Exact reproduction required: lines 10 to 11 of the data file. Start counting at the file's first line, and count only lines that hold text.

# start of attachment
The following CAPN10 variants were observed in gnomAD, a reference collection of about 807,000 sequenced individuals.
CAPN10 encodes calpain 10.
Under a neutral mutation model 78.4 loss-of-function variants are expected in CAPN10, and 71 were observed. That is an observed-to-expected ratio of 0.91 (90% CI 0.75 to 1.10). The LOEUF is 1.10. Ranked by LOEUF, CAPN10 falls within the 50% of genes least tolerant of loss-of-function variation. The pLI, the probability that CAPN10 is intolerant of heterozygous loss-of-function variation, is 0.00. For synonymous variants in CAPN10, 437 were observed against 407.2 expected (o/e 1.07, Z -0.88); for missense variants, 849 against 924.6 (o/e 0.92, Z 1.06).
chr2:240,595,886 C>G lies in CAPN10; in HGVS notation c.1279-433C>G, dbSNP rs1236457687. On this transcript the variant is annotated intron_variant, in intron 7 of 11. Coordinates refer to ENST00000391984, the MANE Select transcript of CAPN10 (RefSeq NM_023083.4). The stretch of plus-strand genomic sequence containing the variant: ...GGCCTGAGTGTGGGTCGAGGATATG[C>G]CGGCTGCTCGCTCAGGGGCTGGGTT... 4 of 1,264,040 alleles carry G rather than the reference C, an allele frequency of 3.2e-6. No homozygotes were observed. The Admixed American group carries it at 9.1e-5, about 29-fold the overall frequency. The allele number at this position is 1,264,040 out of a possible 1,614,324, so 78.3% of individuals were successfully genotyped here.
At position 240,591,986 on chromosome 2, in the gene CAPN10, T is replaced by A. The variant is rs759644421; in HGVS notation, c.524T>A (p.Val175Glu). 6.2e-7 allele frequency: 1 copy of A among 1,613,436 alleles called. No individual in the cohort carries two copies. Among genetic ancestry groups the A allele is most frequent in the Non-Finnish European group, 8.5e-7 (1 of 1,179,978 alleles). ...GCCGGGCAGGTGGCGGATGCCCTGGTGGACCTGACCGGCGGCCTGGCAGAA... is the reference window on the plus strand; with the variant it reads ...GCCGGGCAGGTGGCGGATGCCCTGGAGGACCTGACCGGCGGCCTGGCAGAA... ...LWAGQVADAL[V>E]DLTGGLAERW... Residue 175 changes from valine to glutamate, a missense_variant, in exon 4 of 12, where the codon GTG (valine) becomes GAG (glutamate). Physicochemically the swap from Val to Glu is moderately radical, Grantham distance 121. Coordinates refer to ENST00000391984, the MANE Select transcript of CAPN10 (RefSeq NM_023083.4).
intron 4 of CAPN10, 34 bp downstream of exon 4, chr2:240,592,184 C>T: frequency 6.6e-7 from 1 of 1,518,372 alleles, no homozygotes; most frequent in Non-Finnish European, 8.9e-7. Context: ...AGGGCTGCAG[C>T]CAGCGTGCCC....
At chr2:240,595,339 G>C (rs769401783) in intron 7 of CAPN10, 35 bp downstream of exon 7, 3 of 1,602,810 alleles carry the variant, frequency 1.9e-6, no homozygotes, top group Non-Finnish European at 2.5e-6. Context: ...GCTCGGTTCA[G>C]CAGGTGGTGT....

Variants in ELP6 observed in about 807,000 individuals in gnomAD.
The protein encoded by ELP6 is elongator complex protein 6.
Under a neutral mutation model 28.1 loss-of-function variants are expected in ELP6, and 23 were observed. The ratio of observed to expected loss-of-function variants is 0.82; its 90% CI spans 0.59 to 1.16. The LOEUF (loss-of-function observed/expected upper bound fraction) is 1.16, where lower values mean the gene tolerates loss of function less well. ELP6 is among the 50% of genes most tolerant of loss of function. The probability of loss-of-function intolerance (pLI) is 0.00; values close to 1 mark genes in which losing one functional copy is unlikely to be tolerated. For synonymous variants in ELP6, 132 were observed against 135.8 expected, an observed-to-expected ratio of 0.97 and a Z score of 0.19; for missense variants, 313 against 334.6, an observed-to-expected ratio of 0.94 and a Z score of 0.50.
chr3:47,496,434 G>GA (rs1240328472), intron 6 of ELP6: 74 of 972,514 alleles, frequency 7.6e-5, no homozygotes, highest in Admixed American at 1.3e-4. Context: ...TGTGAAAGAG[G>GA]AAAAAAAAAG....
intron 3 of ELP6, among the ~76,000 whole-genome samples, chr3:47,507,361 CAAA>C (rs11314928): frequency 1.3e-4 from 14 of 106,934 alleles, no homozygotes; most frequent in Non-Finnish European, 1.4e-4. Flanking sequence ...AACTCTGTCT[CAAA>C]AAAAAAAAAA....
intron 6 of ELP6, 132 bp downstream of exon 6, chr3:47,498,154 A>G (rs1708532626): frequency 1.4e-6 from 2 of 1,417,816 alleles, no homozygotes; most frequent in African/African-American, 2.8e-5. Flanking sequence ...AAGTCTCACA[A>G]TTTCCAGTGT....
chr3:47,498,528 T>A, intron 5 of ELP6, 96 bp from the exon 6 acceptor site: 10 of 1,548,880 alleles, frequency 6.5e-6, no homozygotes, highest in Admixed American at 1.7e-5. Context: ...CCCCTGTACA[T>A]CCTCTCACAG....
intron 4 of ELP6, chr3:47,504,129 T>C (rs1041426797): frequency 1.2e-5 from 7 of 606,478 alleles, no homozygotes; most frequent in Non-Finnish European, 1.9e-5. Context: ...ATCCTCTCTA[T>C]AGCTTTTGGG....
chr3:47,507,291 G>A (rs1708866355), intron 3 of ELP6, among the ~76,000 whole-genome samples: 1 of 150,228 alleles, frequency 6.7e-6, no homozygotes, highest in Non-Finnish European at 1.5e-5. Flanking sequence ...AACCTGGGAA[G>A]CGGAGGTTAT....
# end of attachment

Under a neutral mutation model 28.1 loss-of-function variants are expected in ELP6, and 23 were observed. The ratio of observed to expected loss-of-function variants is 0.82; its 90% CI spans 0.59 to 1.16. The LOEUF (loss-of-function observed/expected upper bound fraction) is 1.16, where lower values mean the gene tolerates loss of function less well. ELP6 is among the 50% of genes most tolerant of loss of function. The probability of loss-of-function intolerance (pLI) is 0.00; values close to 1 mark genes in which losing one functional copy is unlikely to be tolerated. For synonymous variants in ELP6, 132 were observed against 135.8 expected, an observed-to-expected ratio of 0.97 and a Z score of 0.19; for missense variants, 313 against 334.6, an observed-to-expected ratio of 0.94 and a Z score of 0.50.
chr3:47,496,434 G>GA (rs1240328472), intron 6 of ELP6: 74 of 972,514 alleles, frequency 7.6e-5, no homozygotes, highest in Admixed American at 1.3e-4. Context: ...TGTGAAAGAG[G>GA]AAAAAAAAAG....